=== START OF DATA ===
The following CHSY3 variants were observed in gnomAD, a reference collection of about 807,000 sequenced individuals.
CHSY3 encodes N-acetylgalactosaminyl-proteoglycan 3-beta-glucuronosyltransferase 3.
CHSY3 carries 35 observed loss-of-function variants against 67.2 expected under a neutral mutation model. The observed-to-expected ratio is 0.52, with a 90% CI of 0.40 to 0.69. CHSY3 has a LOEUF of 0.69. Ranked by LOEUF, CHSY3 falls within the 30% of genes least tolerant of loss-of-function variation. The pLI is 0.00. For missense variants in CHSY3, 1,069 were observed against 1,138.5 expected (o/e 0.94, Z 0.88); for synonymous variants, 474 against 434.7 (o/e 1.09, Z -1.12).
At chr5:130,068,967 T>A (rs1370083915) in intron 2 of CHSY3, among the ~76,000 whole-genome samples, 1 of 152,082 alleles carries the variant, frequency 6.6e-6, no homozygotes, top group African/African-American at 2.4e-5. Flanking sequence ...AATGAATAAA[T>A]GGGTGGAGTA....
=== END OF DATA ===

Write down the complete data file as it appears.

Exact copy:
The following CHSY3 variants were observed in gnomAD, a reference collection of about 807,000 sequenced individuals.
CHSY3 encodes N-acetylgalactosaminyl-proteoglycan 3-beta-glucuronosyltransferase 3.
CHSY3 carries 35 observed loss-of-function variants against 67.2 expected under a neutral mutation model. The observed-to-expected ratio is 0.52, with a 90% CI of 0.40 to 0.69. CHSY3 has a LOEUF of 0.69. Ranked by LOEUF, CHSY3 falls within the 30% of genes least tolerant of loss-of-function variation. The pLI is 0.00. For missense variants in CHSY3, 1,069 were observed against 1,138.5 expected (o/e 0.94, Z 0.88); for synonymous variants, 474 against 434.7 (o/e 1.09, Z -1.12).
At chr5:130,068,967 T>A (rs1370083915) in intron 2 of CHSY3, among the ~76,000 whole-genome samples, 1 of 152,082 alleles carries the variant, frequency 6.6e-6, no homozygotes, top group African/African-American at 2.4e-5. Flanking sequence ...AATGAATAAA[T>A]GGGTGGAGTA....